Amsterdam, November 2012. The Amsterdam city authority’s policy of promoting extensive redevelopment is having the effect of reducing the available supply. Until recently, the owners and financiers of vacant office accommodation had adopted a ‘wait and see’ attitude.
The ongoing economic difficulties have forced many to seek alternative solutions which will allow them to avoid demolition and continue to derive income from their properties. The current trend is for the extensive modernization and redevelopment of office buildings to maximize sustainability, or to convert them to some other usage such as hotels, extended stay apartments or student accommodation. The city authority is supporting this trend by relaxing planning regulations. It has also appointed a special team to collate knowledge about redevelopment processes and advise the field accordingly.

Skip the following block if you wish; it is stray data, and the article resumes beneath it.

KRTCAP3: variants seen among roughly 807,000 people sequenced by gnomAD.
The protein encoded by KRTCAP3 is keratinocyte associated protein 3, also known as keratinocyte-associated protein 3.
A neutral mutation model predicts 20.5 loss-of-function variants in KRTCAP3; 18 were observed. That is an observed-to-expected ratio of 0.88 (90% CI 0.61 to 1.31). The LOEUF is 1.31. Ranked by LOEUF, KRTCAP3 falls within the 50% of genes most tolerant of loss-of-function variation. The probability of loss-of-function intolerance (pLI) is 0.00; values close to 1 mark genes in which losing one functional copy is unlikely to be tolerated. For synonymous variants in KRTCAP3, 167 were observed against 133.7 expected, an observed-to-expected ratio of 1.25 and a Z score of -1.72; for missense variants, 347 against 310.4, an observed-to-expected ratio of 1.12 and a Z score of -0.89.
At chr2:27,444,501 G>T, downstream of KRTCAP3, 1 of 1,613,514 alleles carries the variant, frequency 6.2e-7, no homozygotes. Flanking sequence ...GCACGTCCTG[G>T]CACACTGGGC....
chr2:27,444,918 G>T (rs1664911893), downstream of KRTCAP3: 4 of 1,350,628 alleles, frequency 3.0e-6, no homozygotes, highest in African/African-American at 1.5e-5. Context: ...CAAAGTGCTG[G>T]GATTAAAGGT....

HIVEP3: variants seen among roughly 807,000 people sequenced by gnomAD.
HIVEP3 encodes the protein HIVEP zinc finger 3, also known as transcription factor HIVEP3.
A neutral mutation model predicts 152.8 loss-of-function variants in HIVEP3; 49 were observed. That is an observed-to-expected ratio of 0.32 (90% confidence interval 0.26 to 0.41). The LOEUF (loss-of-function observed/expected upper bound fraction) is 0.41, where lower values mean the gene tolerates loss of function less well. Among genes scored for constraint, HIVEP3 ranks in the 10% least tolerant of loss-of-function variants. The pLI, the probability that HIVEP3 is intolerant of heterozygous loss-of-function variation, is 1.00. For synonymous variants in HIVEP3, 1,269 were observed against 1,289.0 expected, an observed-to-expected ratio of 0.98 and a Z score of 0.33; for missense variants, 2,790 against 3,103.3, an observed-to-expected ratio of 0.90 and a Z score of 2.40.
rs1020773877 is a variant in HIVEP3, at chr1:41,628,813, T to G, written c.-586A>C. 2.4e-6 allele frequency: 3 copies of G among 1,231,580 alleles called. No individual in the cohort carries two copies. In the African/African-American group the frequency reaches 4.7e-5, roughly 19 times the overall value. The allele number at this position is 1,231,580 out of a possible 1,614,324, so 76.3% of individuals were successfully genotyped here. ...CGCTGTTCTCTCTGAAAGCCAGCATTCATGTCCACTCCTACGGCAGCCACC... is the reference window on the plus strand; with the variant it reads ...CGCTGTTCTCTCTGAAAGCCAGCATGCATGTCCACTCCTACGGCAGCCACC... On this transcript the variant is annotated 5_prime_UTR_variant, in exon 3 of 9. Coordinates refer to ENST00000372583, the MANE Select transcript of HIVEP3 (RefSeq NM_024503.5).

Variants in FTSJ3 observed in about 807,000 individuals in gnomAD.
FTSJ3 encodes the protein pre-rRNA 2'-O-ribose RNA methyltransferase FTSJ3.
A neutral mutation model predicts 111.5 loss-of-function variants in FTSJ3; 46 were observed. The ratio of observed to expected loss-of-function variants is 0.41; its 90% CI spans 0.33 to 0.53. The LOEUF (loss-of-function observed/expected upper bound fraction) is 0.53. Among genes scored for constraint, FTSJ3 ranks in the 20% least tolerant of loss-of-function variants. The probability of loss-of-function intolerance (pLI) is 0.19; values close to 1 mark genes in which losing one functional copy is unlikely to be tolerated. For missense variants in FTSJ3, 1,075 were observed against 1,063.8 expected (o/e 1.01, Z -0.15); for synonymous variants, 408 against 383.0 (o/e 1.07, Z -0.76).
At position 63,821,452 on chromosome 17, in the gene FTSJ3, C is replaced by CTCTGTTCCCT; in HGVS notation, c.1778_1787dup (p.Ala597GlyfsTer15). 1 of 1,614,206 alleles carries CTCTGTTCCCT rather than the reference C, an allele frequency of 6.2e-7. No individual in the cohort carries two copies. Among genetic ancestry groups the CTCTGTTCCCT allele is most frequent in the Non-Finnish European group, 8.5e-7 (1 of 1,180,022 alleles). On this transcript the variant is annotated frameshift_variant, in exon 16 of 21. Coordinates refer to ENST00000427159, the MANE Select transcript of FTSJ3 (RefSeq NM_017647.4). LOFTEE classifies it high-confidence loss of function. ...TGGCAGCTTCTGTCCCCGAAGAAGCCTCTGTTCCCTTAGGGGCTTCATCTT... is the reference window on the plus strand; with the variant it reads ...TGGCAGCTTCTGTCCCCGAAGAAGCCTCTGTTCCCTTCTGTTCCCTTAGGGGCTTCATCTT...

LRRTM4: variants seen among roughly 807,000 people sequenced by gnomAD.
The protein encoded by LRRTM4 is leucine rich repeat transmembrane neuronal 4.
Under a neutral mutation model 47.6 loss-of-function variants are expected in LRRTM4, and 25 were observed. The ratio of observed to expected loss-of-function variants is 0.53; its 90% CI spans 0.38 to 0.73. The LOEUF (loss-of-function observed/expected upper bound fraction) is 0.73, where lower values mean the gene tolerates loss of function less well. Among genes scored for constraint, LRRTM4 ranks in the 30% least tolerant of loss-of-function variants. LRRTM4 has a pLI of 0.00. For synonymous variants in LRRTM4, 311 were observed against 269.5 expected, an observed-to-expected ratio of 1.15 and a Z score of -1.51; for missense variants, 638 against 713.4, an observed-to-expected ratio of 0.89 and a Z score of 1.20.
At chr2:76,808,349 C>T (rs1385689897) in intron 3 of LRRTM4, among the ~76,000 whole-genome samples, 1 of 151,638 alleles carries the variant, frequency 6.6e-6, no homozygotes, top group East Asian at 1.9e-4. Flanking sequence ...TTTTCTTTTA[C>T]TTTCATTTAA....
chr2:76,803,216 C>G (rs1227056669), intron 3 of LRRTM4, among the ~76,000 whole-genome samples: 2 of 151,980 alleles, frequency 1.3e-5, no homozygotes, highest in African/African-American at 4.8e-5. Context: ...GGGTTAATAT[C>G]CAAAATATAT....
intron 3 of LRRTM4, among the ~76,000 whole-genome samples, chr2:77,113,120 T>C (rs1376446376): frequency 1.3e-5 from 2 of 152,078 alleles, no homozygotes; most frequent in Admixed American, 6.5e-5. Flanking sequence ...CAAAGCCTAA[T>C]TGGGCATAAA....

While some office buildings are now subject to transformation, others have been demolished or purchased outright by their users (the ‘sitting tenants’). The sum result is that available supply has fallen by 4%. In Diemen, for example, the Diemervijver office complex (43,000 m²) has been withdrawn from stock and is to be redeveloped as a student campus. In Amsterdam West, approximately 27,000 m² on Jan van Galenstraat will be expanded and transformed into a ‘Student Hotel’.
The same trend has yet to become visible in the Netherlands’ other two main economic regions, Rotterdam and Eindhoven, where available supply continues to rise. This is primarily due to the number of smaller units becoming available. However, growth in Rotterdam seems to be levelling out and an increase in take-up in the fourth quarter may reverse the current trend.
The ongoing economic uncertainty is reflected by a decrease in the take-up rate in all three main economic regions. Despite the current downwards movement in the Amsterdam region, take-up actually shows a slight increase when measured over a longer period. The general downwards trend in Eindhoven and Rotterdam is, however, continuing. Most transactions in these regions have involved smaller floor spaces.